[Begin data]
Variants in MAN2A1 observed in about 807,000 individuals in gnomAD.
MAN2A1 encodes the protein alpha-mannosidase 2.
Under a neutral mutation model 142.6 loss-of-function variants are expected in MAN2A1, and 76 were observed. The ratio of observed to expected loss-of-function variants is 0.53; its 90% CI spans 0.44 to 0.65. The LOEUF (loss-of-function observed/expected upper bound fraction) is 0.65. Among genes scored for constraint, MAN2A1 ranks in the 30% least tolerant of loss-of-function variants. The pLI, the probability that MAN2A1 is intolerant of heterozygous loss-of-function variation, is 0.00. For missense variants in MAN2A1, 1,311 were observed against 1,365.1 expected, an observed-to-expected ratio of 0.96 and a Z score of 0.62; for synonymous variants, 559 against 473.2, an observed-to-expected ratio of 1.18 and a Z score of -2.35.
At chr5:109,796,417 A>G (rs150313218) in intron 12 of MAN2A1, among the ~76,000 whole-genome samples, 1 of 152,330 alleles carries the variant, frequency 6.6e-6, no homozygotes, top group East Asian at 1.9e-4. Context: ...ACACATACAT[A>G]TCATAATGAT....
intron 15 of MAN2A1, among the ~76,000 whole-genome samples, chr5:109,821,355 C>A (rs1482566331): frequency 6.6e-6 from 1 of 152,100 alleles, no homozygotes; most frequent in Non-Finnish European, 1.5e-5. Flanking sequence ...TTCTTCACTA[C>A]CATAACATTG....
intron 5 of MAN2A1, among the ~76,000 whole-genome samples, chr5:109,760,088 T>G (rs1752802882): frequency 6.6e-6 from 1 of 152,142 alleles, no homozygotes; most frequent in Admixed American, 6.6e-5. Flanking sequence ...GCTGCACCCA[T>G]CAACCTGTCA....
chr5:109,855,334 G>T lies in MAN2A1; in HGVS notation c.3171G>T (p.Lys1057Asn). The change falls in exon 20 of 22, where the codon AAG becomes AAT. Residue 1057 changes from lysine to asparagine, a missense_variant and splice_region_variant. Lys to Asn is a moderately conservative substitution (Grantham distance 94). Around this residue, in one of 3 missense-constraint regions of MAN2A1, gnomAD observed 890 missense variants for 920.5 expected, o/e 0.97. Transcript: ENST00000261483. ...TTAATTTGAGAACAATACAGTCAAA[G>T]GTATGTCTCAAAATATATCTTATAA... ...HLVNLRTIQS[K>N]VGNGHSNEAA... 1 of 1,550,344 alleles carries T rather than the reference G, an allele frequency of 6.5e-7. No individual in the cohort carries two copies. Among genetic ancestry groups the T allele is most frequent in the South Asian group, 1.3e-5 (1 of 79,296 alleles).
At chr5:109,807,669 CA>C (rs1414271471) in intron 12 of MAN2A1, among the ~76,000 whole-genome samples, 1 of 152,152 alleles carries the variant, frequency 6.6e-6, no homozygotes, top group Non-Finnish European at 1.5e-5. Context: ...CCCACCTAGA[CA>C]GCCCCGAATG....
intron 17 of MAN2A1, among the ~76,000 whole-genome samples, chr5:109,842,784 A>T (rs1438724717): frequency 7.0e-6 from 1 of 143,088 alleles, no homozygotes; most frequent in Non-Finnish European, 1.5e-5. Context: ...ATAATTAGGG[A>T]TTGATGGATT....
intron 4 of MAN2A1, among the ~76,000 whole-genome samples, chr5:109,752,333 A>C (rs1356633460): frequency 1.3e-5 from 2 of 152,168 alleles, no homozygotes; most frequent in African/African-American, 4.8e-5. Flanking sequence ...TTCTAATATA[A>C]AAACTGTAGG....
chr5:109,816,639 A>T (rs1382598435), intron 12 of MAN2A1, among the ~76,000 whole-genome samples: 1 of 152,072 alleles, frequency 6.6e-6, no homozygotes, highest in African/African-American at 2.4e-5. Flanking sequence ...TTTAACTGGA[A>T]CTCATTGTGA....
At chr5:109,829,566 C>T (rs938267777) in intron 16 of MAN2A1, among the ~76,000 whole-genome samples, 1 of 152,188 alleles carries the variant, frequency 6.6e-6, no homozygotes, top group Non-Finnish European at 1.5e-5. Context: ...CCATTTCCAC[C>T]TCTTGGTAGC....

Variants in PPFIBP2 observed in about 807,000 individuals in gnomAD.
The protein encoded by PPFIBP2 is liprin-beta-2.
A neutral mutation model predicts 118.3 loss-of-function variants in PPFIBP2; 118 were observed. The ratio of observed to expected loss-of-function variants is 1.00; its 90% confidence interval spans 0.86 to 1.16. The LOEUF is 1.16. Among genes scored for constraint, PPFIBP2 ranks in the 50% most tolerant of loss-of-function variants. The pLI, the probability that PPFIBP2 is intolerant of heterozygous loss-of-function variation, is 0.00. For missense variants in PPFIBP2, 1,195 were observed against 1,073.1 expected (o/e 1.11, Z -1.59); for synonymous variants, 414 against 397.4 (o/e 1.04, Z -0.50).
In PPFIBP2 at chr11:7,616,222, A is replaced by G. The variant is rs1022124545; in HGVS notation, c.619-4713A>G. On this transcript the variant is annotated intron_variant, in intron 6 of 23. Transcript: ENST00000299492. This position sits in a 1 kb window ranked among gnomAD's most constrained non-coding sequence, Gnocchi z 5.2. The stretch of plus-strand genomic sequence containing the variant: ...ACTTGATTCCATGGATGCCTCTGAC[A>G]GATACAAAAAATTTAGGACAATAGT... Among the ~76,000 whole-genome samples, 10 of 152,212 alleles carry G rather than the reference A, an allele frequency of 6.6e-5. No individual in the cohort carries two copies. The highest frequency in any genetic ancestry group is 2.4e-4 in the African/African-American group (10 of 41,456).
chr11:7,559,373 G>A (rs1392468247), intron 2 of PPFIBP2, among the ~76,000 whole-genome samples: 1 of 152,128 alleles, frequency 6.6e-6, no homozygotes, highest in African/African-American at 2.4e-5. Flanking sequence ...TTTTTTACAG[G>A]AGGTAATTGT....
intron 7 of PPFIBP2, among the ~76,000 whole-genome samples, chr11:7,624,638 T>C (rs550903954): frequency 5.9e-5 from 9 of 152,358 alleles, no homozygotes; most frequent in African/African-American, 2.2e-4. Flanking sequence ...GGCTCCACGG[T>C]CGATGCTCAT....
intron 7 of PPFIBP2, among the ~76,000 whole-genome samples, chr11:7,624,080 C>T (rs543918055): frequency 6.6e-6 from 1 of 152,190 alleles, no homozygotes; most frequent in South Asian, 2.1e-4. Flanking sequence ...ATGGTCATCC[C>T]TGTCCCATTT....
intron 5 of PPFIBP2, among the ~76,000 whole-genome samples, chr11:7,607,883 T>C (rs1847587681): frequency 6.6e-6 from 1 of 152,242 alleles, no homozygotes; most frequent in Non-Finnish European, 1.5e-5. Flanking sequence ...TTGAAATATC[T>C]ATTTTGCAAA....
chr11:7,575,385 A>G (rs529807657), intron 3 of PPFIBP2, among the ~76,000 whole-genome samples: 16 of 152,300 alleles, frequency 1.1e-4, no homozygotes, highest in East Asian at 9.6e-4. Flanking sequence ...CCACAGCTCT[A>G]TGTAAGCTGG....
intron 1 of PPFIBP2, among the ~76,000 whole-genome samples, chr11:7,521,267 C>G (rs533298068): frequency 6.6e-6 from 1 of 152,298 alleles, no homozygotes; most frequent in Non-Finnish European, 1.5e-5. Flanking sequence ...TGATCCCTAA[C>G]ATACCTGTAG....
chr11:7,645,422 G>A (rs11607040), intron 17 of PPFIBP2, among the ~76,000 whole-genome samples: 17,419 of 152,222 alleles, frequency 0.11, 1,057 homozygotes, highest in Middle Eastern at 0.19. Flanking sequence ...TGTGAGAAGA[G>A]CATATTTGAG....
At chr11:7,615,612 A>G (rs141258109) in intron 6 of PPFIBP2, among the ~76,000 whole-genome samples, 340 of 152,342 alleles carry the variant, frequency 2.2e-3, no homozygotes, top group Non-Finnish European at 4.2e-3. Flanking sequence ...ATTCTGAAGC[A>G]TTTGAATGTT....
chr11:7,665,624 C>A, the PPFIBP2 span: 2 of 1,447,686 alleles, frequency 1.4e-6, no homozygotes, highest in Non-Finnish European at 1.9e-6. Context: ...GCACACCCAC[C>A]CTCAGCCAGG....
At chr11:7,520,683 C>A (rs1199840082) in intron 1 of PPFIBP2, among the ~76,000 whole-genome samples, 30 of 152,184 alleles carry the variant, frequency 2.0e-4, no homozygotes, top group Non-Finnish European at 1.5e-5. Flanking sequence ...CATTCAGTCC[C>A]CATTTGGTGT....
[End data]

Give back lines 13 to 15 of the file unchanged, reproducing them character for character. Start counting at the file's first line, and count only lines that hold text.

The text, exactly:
Variants in PPFIBP2 observed in about 807,000 individuals in gnomAD.
The protein encoded by PPFIBP2 is liprin-beta-2.
A neutral mutation model predicts 118.3 loss-of-function variants in PPFIBP2; 118 were observed. The ratio of observed to expected loss-of-function variants is 1.00; its 90% confidence interval spans 0.86 to 1.16. The LOEUF is 1.16. Among genes scored for constraint, PPFIBP2 ranks in the 50% most tolerant of loss-of-function variants. The pLI, the probability that PPFIBP2 is intolerant of heterozygous loss-of-function variation, is 0.00. For missense variants in PPFIBP2, 1,195 were observed against 1,073.1 expected (o/e 1.11, Z -1.59); for synonymous variants, 414 against 397.4 (o/e 1.04, Z -0.50).